tending to bring the legal profession into disrepute and was prejudicial to the administration of justice. By sending the `Drug Dealer’ e-mail to Attorney Doe, Respondent was doing a disservice to Respondent's client. An e-mail such as the one sent by Respondent can only inflame the passions of everyone involved, make litigation more intense, and undermine a lawyer's ability to objectively represent his or her client. This kind of personal attack against a family member of opposing counsel with no connection to the litigation brings into question the integrity of the judicial system and prejudices the administration of justice.
In re Anonymous, supra.
With regard to the Hearing Panel’s second finding, the Respondent argued that “he civility clause contained within the lawyer's oath is unconstitutionally vague and overbroad.” In re Anonymous, supra. The Supreme Court pointed out that the civility clause was part of the oath the Respondent became a member of the South Carolina Bar. In re Anonymous, supra. In the civility clause, those being admitted to the bar swear or affirm that “[t]o opposing parties and their counsel, I pledge fairness, integrity, and civility, not only in court, but also in all written and oral communications”. Rule 402(k), South Carolina Appellate Court Rules.
The Supreme Court first addressed the Respondent’s argument that the clause was unconstitutionally vague, noting that a law is “`unconstitutionally vague if it forbids or requires the doing of an act in terms so vague that a person of common intelligence must necessarily guess as to its meaning and differ as to its application.’” In re Anonymous, supra (quoting Curtis v. State, 345 S.C. 557, 549 S.E. 591 (South Carolina Supreme Court 2001)). The Court then found that in this case,
there is no question that even a casual reading of the attorney's oath would put a person on notice that the type of language used in Respondent's `Drug Dealer’ e-mail violates the civility clause. Casting aspersions on an opposing counsel's offspring and questioning the manner in which an opposing attorney was rearing his or her own children does not even near the margins of the civility clause. While no one argued it in this case, it could be argued that the language used by Respondent in the `Drug Dealer’ e-mail constituted fighting words. Moreover, a person of common intelligence does not have to guess at the meaning of the civility oath. We hold that the civility oath is not unconstitutionally vague.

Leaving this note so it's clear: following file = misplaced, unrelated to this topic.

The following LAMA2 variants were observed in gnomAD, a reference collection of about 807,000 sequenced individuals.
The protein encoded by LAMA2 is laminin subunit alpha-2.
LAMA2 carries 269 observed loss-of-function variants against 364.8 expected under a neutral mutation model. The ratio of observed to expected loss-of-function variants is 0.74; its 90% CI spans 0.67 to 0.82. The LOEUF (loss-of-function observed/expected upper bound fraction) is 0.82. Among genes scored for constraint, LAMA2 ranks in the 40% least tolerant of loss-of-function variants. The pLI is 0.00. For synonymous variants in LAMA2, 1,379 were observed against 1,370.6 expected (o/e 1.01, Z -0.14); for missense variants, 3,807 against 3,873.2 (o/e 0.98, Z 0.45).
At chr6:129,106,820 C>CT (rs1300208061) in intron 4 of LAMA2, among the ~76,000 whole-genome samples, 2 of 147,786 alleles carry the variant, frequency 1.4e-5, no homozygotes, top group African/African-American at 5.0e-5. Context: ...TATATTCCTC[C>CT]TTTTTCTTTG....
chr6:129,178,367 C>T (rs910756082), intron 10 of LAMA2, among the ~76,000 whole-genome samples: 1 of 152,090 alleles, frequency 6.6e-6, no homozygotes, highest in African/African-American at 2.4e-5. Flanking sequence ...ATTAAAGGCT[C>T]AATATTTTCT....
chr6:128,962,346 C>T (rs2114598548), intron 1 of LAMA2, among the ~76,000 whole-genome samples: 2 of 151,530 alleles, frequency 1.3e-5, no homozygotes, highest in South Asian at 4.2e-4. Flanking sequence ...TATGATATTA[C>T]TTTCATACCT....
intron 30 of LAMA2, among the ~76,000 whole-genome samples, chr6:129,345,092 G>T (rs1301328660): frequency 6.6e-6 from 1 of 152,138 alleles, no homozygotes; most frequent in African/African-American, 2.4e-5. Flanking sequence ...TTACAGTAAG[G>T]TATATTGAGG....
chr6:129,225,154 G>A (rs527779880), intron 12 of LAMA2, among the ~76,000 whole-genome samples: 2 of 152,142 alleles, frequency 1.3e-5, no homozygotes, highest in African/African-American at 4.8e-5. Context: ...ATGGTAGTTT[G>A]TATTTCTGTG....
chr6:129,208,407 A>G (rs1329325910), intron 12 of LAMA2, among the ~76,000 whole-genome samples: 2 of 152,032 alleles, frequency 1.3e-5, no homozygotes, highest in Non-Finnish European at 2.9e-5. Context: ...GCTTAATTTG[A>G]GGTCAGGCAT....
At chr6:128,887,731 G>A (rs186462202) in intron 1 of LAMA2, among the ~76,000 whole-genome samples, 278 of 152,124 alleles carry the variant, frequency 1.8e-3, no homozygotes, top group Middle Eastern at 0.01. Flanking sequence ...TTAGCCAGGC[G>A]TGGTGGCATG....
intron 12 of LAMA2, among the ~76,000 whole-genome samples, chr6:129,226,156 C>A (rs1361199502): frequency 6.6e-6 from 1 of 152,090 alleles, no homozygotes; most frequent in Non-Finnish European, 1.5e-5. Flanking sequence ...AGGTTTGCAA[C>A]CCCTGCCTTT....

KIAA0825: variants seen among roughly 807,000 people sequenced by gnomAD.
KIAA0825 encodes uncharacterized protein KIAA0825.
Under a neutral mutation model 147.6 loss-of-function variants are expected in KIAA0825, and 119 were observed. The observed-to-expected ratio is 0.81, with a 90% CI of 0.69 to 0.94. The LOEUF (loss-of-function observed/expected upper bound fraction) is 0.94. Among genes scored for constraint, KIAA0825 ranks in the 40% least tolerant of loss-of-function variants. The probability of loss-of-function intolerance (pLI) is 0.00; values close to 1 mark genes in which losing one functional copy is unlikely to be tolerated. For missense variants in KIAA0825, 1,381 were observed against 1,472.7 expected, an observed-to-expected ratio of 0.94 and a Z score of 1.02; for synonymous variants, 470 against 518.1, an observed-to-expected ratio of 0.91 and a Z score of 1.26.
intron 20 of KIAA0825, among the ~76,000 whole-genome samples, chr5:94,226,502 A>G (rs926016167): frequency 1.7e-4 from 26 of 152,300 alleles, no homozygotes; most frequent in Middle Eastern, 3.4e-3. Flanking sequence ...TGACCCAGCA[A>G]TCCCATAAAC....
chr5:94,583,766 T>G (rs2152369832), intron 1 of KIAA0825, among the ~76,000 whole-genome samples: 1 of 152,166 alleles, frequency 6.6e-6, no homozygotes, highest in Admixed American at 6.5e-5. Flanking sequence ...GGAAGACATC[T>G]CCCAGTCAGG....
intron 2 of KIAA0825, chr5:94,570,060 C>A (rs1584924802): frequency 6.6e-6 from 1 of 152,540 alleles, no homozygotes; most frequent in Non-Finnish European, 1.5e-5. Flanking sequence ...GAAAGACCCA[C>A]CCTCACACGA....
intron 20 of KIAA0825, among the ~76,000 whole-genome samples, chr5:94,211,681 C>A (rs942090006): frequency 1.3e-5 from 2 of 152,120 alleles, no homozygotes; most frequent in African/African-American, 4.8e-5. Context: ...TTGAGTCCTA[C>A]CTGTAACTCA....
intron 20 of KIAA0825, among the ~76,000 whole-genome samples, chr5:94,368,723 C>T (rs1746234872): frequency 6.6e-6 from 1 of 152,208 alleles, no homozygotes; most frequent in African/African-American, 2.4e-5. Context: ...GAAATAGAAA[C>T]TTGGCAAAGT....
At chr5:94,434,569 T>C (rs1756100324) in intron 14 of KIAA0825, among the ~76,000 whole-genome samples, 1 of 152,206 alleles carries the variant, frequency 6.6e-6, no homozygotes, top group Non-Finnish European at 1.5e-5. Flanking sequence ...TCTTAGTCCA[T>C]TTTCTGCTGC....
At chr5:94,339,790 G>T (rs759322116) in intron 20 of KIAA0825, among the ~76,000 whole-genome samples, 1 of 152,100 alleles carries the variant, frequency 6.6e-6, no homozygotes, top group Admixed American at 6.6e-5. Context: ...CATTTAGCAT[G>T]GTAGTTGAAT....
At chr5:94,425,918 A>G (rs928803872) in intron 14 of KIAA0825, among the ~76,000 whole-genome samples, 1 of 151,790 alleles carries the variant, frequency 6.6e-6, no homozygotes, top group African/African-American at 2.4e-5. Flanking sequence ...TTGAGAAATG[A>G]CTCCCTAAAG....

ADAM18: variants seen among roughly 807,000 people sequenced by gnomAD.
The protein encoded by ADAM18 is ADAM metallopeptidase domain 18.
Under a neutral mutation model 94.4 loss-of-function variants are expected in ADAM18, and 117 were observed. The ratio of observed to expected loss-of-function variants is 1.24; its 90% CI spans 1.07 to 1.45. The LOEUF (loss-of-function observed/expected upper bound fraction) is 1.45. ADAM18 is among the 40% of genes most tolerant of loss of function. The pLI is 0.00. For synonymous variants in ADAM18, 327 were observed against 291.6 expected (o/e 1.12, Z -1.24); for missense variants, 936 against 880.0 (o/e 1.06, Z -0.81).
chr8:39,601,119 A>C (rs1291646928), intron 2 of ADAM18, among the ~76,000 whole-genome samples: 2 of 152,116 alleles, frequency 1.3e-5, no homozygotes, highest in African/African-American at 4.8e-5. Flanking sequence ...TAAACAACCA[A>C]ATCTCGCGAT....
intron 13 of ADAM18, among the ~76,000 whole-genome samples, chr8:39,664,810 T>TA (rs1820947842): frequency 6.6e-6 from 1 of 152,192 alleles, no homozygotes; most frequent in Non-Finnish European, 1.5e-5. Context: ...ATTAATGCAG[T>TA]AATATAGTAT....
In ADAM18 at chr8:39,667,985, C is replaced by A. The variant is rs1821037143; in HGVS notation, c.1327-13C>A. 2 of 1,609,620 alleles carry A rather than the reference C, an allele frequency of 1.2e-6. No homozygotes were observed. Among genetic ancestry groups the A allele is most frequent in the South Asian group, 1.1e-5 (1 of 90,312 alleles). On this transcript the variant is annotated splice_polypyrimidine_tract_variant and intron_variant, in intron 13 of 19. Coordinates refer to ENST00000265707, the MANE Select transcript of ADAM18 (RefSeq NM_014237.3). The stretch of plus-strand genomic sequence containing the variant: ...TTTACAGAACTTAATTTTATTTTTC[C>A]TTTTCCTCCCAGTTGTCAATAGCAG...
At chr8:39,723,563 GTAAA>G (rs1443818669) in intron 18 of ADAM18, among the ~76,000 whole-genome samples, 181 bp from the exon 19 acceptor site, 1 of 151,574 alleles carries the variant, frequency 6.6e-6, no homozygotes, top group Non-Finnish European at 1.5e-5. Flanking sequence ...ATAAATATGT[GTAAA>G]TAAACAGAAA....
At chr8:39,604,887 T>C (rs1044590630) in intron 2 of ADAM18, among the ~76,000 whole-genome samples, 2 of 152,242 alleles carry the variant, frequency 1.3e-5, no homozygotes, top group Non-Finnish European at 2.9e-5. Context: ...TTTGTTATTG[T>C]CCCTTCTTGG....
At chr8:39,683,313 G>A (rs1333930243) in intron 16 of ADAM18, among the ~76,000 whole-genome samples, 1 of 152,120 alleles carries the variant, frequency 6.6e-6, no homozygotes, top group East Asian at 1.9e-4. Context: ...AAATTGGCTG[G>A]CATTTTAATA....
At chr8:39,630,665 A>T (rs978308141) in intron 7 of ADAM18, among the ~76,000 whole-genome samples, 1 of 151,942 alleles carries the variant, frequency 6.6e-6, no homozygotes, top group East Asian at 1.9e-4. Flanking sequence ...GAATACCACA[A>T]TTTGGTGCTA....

In re Anonymous, supra.
The Supreme Court then addressed the Respondent’s argument that the civility oath was unconstitutionally overbroad, noting that under the First Amendment’s
overbreadth doctrine, `the party challenging a statute simply must demonstrate that the statute could cause someone else -- anyone else -- to refrain from constitutionally protected expression.’ The overbreadth doctrine has `been implemented out of concern that the threat of enforcement of an overly broad law may deter or “chill” constitutionally protected speech—especially when the overly broad law imposes criminal sanctions.’
In re Anonymous, supra (quoting In re Amir X.S., 371 S.C. 380, 639 S.E.2d 144 (South Carolina Supreme Court 2006)).
The Court also noted that in analyzing whether a disciplinary rule violates the First Amendment, a court “must balance `the State's interest in the regulation of a specialized profession against a lawyer's First Amendment interest in the kind of speech that was at issue.’” In re Anonymous, supra (quoting Gentile v. State Bar of Nevada, 501 U.S. 1030 (1991)). The Supreme Court then found that the interests protected by the civility oath
are the administration of justice and integrity of the lawyer-client relationship. The State has an interest in ensuring a system of regulation that prohibits lawyers from attacking each other personally in the manner in which Respondent attacked Attorney Doe. Such conduct not only compromises the integrity of the judicial process, it also undermines a lawyer's ability to objectively represent his or her client. There is no substantial amount of protected free speech penalized by the civility oath in light of the oath's plainly legitimate sweep of supporting the administration of justice and the lawyer-client relationship. Thus, we find the civility oath is not unconstitutionally overbroad.
In re Anonymous, supra.
The Supreme Court therefore agreed with the Hearing Panel that discipline was warranted for the Respondent and found as follows as to the sanction to be imposed:
Because we find Respondent's acknowledgement of misconduct and remorse to be sincere, we issue a private Letter of Caution with a finding of minor misconduct to Respondent. We publish this Letter of Caution in the In re Anonymous format so as to provide guidance to the bar. We caution the bar that henceforth, this type of conduct could result in a public sanction.
In re Anonymous, supra.